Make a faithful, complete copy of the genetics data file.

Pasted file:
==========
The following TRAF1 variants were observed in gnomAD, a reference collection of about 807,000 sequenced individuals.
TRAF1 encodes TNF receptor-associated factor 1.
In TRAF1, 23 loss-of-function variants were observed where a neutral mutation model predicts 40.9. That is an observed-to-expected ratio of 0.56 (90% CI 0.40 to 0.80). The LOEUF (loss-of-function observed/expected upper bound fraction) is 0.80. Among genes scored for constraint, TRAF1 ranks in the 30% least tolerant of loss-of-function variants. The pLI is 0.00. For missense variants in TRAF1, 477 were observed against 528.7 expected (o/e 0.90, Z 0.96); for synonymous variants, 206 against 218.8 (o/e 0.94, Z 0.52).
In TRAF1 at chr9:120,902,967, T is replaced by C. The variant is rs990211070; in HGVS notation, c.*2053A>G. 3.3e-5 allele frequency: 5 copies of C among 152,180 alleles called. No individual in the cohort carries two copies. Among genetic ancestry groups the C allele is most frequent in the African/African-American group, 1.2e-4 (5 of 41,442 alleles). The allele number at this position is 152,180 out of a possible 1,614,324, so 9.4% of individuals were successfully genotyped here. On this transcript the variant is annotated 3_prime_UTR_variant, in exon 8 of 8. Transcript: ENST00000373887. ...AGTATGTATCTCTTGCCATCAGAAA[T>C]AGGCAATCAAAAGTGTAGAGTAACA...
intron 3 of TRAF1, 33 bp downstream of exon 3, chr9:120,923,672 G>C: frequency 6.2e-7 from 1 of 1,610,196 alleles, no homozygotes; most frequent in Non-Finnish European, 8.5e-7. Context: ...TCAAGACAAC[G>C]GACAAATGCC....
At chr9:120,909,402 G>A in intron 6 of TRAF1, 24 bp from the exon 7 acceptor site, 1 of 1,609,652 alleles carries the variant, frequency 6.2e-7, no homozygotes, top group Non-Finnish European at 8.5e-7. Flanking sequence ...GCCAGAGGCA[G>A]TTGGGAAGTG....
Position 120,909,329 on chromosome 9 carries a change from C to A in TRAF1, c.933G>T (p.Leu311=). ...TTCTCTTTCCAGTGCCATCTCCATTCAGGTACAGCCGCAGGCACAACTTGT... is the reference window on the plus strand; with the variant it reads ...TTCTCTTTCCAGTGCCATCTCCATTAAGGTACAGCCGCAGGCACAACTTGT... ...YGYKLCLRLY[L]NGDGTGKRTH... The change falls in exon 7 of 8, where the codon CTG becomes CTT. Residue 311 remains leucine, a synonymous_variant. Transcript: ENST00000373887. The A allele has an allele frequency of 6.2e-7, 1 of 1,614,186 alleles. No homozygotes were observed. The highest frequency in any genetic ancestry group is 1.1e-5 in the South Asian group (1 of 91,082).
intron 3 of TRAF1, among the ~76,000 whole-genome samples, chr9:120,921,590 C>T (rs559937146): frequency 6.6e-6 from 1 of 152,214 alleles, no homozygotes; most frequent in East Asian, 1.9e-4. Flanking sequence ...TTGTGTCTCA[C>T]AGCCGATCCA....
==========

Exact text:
The following TRAF1 variants were observed in gnomAD, a reference collection of about 807,000 sequenced individuals.
TRAF1 encodes TNF receptor-associated factor 1.
In TRAF1, 23 loss-of-function variants were observed where a neutral mutation model predicts 40.9. That is an observed-to-expected ratio of 0.56 (90% CI 0.40 to 0.80). The LOEUF (loss-of-function observed/expected upper bound fraction) is 0.80. Among genes scored for constraint, TRAF1 ranks in the 30% least tolerant of loss-of-function variants. The pLI is 0.00. For missense variants in TRAF1, 477 were observed against 528.7 expected (o/e 0.90, Z 0.96); for synonymous variants, 206 against 218.8 (o/e 0.94, Z 0.52).
In TRAF1 at chr9:120,902,967, T is replaced by C. The variant is rs990211070; in HGVS notation, c.*2053A>G. 3.3e-5 allele frequency: 5 copies of C among 152,180 alleles called. No individual in the cohort carries two copies. Among genetic ancestry groups the C allele is most frequent in the African/African-American group, 1.2e-4 (5 of 41,442 alleles). The allele number at this position is 152,180 out of a possible 1,614,324, so 9.4% of individuals were successfully genotyped here. On this transcript the variant is annotated 3_prime_UTR_variant, in exon 8 of 8. Transcript: ENST00000373887. ...AGTATGTATCTCTTGCCATCAGAAA[T>C]AGGCAATCAAAAGTGTAGAGTAACA...
intron 3 of TRAF1, 33 bp downstream of exon 3, chr9:120,923,672 G>C: frequency 6.2e-7 from 1 of 1,610,196 alleles, no homozygotes; most frequent in Non-Finnish European, 8.5e-7. Context: ...TCAAGACAAC[G>C]GACAAATGCC....
At chr9:120,909,402 G>A in intron 6 of TRAF1, 24 bp from the exon 7 acceptor site, 1 of 1,609,652 alleles carries the variant, frequency 6.2e-7, no homozygotes, top group Non-Finnish European at 8.5e-7. Flanking sequence ...GCCAGAGGCA[G>A]TTGGGAAGTG....
Position 120,909,329 on chromosome 9 carries a change from C to A in TRAF1, c.933G>T (p.Leu311=). ...TTCTCTTTCCAGTGCCATCTCCATTCAGGTACAGCCGCAGGCACAACTTGT... is the reference window on the plus strand; with the variant it reads ...TTCTCTTTCCAGTGCCATCTCCATTAAGGTACAGCCGCAGGCACAACTTGT... ...YGYKLCLRLY[L]NGDGTGKRTH... The change falls in exon 7 of 8, where the codon CTG becomes CTT. Residue 311 remains leucine, a synonymous_variant. Transcript: ENST00000373887. The A allele has an allele frequency of 6.2e-7, 1 of 1,614,186 alleles. No homozygotes were observed. The highest frequency in any genetic ancestry group is 1.1e-5 in the South Asian group (1 of 91,082).
intron 3 of TRAF1, among the ~76,000 whole-genome samples, chr9:120,921,590 C>T (rs559937146): frequency 6.6e-6 from 1 of 152,214 alleles, no homozygotes; most frequent in East Asian, 1.9e-4. Flanking sequence ...TTGTGTCTCA[C>T]AGCCGATCCA....